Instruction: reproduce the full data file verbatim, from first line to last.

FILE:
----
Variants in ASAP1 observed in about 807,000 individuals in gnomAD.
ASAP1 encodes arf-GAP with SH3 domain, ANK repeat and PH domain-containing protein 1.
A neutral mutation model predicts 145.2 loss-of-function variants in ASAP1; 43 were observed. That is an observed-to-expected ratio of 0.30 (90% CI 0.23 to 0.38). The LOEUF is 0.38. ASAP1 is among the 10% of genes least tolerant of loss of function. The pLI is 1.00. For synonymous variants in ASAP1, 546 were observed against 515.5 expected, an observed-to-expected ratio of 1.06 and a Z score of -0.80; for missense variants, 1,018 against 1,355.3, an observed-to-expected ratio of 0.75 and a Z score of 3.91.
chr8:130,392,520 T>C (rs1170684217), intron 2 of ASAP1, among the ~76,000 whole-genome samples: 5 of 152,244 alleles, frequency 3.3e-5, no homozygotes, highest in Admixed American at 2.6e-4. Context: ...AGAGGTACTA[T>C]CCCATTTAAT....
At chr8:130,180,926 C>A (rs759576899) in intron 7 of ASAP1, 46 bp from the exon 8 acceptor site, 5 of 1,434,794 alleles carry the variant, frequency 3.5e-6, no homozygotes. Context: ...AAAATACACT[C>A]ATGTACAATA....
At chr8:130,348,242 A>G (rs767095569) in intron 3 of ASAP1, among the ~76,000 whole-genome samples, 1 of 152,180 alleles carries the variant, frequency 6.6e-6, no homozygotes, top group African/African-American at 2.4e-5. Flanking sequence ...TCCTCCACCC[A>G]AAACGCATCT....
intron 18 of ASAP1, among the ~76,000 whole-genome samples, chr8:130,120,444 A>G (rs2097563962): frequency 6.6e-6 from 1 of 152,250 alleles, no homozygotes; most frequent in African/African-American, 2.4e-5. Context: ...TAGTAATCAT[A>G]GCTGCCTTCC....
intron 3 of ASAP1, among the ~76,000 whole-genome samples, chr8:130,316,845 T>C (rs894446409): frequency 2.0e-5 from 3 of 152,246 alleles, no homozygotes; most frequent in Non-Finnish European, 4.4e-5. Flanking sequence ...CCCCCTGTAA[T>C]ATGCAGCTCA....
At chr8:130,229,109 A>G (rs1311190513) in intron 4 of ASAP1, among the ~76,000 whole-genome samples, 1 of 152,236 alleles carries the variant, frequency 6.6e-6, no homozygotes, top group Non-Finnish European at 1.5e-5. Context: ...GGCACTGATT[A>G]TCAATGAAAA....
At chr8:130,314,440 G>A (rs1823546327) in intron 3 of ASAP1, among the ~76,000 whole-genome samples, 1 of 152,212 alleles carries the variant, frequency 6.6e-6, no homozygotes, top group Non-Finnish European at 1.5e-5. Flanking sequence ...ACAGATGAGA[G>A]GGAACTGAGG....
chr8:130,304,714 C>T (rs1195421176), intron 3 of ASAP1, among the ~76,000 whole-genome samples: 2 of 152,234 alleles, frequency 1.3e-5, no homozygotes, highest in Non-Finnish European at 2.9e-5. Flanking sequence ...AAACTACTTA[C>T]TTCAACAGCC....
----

Variants in ASAP1 observed in about 807,000 individuals in gnomAD.
ASAP1 encodes arf-GAP with SH3 domain, ANK repeat and PH domain-containing protein 1.
A neutral mutation model predicts 145.2 loss-of-function variants in ASAP1; 43 were observed. That is an observed-to-expected ratio of 0.30 (90% CI 0.23 to 0.38). The LOEUF is 0.38. ASAP1 is among the 10% of genes least tolerant of loss of function. The pLI is 1.00. For synonymous variants in ASAP1, 546 were observed against 515.5 expected, an observed-to-expected ratio of 1.06 and a Z score of -0.80; for missense variants, 1,018 against 1,355.3, an observed-to-expected ratio of 0.75 and a Z score of 3.91.
chr8:130,392,520 T>C (rs1170684217), intron 2 of ASAP1, among the ~76,000 whole-genome samples: 5 of 152,244 alleles, frequency 3.3e-5, no homozygotes, highest in Admixed American at 2.6e-4. Context: ...AGAGGTACTA[T>C]CCCATTTAAT....
At chr8:130,180,926 C>A (rs759576899) in intron 7 of ASAP1, 46 bp from the exon 8 acceptor site, 5 of 1,434,794 alleles carry the variant, frequency 3.5e-6, no homozygotes. Context: ...AAAATACACT[C>A]ATGTACAATA....
At chr8:130,348,242 A>G (rs767095569) in intron 3 of ASAP1, among the ~76,000 whole-genome samples, 1 of 152,180 alleles carries the variant, frequency 6.6e-6, no homozygotes, top group African/African-American at 2.4e-5. Flanking sequence ...TCCTCCACCC[A>G]AAACGCATCT....
intron 18 of ASAP1, among the ~76,000 whole-genome samples, chr8:130,120,444 A>G (rs2097563962): frequency 6.6e-6 from 1 of 152,250 alleles, no homozygotes; most frequent in African/African-American, 2.4e-5. Context: ...TAGTAATCAT[A>G]GCTGCCTTCC....
intron 3 of ASAP1, among the ~76,000 whole-genome samples, chr8:130,316,845 T>C (rs894446409): frequency 2.0e-5 from 3 of 152,246 alleles, no homozygotes; most frequent in Non-Finnish European, 4.4e-5. Flanking sequence ...CCCCCTGTAA[T>C]ATGCAGCTCA....
At chr8:130,229,109 A>G (rs1311190513) in intron 4 of ASAP1, among the ~76,000 whole-genome samples, 1 of 152,236 alleles carries the variant, frequency 6.6e-6, no homozygotes, top group Non-Finnish European at 1.5e-5. Context: ...GGCACTGATT[A>G]TCAATGAAAA....
At chr8:130,314,440 G>A (rs1823546327) in intron 3 of ASAP1, among the ~76,000 whole-genome samples, 1 of 152,212 alleles carries the variant, frequency 6.6e-6, no homozygotes, top group Non-Finnish European at 1.5e-5. Flanking sequence ...ACAGATGAGA[G>A]GGAACTGAGG....
chr8:130,304,714 C>T (rs1195421176), intron 3 of ASAP1, among the ~76,000 whole-genome samples: 2 of 152,234 alleles, frequency 1.3e-5, no homozygotes, highest in Non-Finnish European at 2.9e-5. Flanking sequence ...AAACTACTTA[C>T]TTCAACAGCC....